Beginners Guide to Woodturning

Beginners Guide to Woodturning

Are you looking to get into Woodturning? Then you’ve come to the right place. Follow these five steps and you’ll be well on your way.

1. Make some friends with experience.

The best advice I can give to everybody is join the local wood turning club or association, there you will be able to get some of the best information about all the perspective’s of wood turning.

Meeting people whom have the same interest as yourself, will encourage you and start you in the right direction. 

Many of the members have had years of practice and each will have there own preferred method of turning, favorite  lathe, and tools. 

Listen closely to any advice you receive especially concerning the safety aspect. 

Of course there is always the local library for books, and the internet   where you can contact Wood Turners from all over the world.

Many professional wood turners have produced exceptional video’s of themselves turning everything from hollow forms to box’s and pens.

2. Get yourself some wood.

To start with go to your local timber merchant  or carpenters shop and purchase all the  scrap wood of at least  2″ x 2″ x 6″ and larger.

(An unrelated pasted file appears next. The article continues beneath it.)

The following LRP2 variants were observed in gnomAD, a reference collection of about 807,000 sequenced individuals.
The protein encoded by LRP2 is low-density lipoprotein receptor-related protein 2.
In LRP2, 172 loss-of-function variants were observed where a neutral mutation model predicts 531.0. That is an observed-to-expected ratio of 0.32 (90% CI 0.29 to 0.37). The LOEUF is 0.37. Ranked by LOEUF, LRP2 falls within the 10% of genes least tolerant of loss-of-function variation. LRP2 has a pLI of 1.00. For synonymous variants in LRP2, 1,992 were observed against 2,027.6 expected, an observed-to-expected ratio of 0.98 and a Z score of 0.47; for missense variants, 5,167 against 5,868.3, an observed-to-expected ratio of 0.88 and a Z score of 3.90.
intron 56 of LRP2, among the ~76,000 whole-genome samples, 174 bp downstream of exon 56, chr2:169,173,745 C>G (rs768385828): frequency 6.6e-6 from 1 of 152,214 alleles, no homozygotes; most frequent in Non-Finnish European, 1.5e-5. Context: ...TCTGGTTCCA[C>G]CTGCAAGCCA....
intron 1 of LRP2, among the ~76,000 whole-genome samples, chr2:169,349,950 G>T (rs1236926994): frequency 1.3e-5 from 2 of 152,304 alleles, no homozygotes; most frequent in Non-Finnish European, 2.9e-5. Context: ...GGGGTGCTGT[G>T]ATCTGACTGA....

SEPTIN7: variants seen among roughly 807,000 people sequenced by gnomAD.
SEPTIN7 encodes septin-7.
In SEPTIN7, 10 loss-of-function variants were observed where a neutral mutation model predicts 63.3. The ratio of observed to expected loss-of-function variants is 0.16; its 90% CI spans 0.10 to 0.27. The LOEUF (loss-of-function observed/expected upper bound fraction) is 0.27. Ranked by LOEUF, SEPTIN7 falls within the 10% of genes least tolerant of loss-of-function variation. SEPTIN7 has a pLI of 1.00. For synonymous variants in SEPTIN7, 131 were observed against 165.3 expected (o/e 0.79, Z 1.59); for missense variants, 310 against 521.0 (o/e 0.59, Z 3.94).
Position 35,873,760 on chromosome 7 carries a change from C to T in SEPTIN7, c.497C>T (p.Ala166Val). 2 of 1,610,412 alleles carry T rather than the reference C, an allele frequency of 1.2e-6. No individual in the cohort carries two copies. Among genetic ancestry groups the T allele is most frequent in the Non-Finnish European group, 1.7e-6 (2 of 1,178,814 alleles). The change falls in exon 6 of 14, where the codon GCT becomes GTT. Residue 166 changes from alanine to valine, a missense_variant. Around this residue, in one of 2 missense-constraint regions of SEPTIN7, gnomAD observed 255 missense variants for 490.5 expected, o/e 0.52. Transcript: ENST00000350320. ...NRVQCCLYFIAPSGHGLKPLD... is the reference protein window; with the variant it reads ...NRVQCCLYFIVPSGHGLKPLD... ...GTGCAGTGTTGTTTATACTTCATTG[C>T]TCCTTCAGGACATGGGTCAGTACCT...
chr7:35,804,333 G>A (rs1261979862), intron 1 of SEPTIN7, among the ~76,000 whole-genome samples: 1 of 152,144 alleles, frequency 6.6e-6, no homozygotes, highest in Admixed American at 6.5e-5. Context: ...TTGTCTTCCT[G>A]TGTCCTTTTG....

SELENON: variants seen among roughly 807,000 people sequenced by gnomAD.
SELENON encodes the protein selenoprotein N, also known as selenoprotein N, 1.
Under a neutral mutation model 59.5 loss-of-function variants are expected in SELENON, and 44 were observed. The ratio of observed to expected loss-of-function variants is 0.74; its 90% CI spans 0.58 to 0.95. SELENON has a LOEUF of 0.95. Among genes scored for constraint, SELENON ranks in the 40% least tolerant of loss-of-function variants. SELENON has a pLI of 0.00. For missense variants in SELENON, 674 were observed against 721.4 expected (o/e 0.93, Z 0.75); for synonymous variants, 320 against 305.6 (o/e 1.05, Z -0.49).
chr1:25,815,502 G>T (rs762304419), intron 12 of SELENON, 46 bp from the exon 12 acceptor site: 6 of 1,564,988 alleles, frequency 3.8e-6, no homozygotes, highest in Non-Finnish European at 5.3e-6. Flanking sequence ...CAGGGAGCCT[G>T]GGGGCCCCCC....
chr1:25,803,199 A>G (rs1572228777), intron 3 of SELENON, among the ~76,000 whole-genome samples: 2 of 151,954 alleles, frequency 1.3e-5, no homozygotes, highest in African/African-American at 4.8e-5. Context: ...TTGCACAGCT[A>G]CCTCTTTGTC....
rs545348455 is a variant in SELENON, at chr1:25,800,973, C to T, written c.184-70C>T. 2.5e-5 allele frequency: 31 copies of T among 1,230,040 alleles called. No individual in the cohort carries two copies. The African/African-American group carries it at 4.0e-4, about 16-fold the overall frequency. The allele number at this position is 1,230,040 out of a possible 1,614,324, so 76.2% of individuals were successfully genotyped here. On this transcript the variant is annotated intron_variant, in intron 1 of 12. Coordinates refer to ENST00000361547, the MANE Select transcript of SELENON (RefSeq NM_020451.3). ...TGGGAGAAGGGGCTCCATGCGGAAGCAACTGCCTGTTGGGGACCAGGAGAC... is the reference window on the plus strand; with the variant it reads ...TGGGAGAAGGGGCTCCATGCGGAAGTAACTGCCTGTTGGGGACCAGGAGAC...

This will be used to practice on, it doesn’t matter if it hard or soft wood as the more types you initially use the better.

The reason buying wood is recommended is that the timber will be dried and of reasonable quality, which makes for better turning material.

3. Get yourself some tools.

Turning is an art form,  just as painting,  and music, both of which have to be practiced daily.

When you first start to turn I would advise you to purchase the following tools and limit yourself to this basic set.

For Bowl Turning:

  1. 1″ skew chisel.
  2. 1/2″ super flute gouge.
  3. 3/4″ or 1″ roughing gouge
  4. 3/8″ bowl gouge
  5. 1″ or 3/4″ square end scraper.( Heavy )
  6. Parting tool

For Spindle Turning:

  1. 1/2”  skew chisel
  2. Three spindle gouges  1/4″ 3/8″ 1/2″
  3. 3/4″  roughing gouge
  4. 3/8″  beading chisel
  5. Parting tool

All of the above items should be made of High Speed Steel.

Sharpening Devices

Dry Grinders

This is an essential piece of shop equipment especially for the wood turner, this is probably the most affordable piece of machinery that you will buy, costing $40 to $100.